Again, there was a flurry of ridicule, but not enough to make a dent in our unified spirit to fight back. Indeed, in a Dec. 11, 2001 interview with Bill O’Reilly, exactly 3 months after the atrocity of 9/11, John F. Kerry said emphatically that Saddam Hussein was a terrorist. He emphasized that he and the Clinton Democrats were ahead of the curve – alluding to the 1998 actions taken by Congress and the While House that resulted, by some measures, in a greater number of bombings of Iraq than the ’91 Gulf War.

What changed? Enter Howard Dean. Going into the first primary, Dean’s poll numbers were so impressive that major Democrats were knocking themselves over to rush to be one of the first to endorse him. Those anti-war demonstrations turned out not to have been just a flash-in-the-pan, but the tip of the iceberg. Kerry, who keeps both his Navy uniform and anti-war gear in his closet ready for any contingency, convinced the Democrats that he was a man for all seasons – he’s two candidates in one. The rest of the story is well known. What I want to focus on is the message of the Kerry campaign … which is neither articulated nor effectively combated.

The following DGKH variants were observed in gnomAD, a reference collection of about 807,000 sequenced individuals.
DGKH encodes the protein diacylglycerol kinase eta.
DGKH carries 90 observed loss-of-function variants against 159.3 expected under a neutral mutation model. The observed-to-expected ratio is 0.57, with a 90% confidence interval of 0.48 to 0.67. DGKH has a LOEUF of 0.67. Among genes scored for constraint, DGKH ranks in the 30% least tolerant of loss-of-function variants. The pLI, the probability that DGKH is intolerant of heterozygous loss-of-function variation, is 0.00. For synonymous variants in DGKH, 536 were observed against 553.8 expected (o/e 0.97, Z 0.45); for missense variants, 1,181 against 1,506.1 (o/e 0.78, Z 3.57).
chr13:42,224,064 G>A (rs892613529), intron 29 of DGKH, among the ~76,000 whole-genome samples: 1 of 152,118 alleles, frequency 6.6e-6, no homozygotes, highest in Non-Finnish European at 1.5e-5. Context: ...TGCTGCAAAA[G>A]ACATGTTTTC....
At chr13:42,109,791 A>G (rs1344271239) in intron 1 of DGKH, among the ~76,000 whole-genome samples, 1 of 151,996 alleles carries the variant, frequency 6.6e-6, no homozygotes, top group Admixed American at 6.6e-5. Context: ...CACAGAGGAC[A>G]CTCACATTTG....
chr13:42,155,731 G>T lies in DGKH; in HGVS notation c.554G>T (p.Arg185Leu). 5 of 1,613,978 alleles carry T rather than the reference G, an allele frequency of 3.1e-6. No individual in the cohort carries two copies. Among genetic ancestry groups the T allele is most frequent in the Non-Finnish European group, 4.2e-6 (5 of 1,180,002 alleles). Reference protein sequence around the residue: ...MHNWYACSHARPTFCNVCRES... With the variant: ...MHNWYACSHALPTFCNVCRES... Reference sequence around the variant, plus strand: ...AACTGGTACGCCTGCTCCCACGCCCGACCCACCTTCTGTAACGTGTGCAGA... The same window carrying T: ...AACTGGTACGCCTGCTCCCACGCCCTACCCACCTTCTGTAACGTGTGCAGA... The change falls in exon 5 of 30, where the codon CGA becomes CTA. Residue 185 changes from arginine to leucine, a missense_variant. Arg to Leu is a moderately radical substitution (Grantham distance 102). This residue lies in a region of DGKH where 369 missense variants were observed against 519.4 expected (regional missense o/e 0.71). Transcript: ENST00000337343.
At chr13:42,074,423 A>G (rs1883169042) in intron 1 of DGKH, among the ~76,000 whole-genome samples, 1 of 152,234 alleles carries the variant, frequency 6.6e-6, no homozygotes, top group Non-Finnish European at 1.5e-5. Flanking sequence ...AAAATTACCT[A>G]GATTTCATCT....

The anti-Bush campaign is in essence an anti-American campaign. This is the origin, the motivating force, and the philosophical meaning of the whole movement. But it is unspoken, which is why it is hard to combat. Voting for Bush is a required act to proudly reaffirm the core values of our country. Let me convince you.